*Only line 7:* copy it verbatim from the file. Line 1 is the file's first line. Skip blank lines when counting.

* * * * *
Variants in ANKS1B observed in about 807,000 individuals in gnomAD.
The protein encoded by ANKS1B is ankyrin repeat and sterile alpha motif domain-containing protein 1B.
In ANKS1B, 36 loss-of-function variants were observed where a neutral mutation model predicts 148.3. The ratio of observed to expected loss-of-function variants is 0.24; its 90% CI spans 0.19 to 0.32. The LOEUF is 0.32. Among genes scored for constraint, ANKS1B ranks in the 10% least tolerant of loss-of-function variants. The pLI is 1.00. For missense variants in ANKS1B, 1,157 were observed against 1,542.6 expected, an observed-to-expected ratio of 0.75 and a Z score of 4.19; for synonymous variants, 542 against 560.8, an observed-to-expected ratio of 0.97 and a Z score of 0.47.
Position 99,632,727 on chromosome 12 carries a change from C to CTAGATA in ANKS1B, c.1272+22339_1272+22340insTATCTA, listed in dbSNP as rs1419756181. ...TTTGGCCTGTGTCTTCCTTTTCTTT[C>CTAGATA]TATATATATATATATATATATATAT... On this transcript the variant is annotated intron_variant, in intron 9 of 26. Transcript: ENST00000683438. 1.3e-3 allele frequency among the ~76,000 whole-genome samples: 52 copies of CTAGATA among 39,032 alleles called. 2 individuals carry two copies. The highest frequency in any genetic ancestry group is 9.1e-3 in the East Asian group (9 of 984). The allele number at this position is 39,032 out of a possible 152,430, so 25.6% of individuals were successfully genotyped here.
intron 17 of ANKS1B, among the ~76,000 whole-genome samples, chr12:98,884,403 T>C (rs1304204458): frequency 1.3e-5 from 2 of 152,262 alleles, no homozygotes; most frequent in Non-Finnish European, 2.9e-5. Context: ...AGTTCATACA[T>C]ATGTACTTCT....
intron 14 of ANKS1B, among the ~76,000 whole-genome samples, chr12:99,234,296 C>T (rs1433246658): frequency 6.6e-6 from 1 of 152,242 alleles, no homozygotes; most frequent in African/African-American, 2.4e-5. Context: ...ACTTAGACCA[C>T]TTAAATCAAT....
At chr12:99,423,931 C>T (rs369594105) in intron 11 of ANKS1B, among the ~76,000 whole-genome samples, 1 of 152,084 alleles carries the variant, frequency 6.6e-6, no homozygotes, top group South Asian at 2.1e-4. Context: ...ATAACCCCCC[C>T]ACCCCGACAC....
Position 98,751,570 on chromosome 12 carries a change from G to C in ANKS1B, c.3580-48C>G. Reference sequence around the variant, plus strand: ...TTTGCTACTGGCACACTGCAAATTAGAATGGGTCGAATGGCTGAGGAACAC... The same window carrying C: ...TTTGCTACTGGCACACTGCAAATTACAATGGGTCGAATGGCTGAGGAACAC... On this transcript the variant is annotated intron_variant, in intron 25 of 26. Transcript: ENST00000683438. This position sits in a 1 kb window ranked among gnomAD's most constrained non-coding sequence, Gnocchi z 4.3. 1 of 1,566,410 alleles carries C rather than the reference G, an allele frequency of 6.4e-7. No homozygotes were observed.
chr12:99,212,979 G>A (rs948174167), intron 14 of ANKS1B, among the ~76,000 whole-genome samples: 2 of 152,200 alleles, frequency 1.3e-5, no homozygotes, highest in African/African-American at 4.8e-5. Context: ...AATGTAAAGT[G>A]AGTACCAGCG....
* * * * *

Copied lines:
At chr12:99,423,931 C>T (rs369594105) in intron 11 of ANKS1B, among the ~76,000 whole-genome samples, 1 of 152,084 alleles carries the variant, frequency 6.6e-6, no homozygotes, top group South Asian at 2.1e-4. Context: ...ATAACCCCCC[C>T]ACCCCGACAC....